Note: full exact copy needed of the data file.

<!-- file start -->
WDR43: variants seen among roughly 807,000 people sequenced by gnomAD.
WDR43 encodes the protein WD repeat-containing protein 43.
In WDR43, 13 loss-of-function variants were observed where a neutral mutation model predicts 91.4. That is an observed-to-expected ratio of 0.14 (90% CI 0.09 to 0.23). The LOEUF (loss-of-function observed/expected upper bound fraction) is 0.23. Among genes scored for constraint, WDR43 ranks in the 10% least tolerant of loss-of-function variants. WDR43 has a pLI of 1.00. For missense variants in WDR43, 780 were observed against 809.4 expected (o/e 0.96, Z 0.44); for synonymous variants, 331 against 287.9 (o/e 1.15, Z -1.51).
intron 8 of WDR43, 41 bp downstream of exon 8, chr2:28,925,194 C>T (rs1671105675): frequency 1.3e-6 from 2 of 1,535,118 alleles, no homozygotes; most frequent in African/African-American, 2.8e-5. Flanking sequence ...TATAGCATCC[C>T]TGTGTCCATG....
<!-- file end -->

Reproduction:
WDR43: variants seen among roughly 807,000 people sequenced by gnomAD.
WDR43 encodes the protein WD repeat-containing protein 43.
In WDR43, 13 loss-of-function variants were observed where a neutral mutation model predicts 91.4. That is an observed-to-expected ratio of 0.14 (90% CI 0.09 to 0.23). The LOEUF (loss-of-function observed/expected upper bound fraction) is 0.23. Among genes scored for constraint, WDR43 ranks in the 10% least tolerant of loss-of-function variants. WDR43 has a pLI of 1.00. For missense variants in WDR43, 780 were observed against 809.4 expected (o/e 0.96, Z 0.44); for synonymous variants, 331 against 287.9 (o/e 1.15, Z -1.51).
intron 8 of WDR43, 41 bp downstream of exon 8, chr2:28,925,194 C>T (rs1671105675): frequency 1.3e-6 from 2 of 1,535,118 alleles, no homozygotes; most frequent in African/African-American, 2.8e-5. Flanking sequence ...TATAGCATCC[C>T]TGTGTCCATG....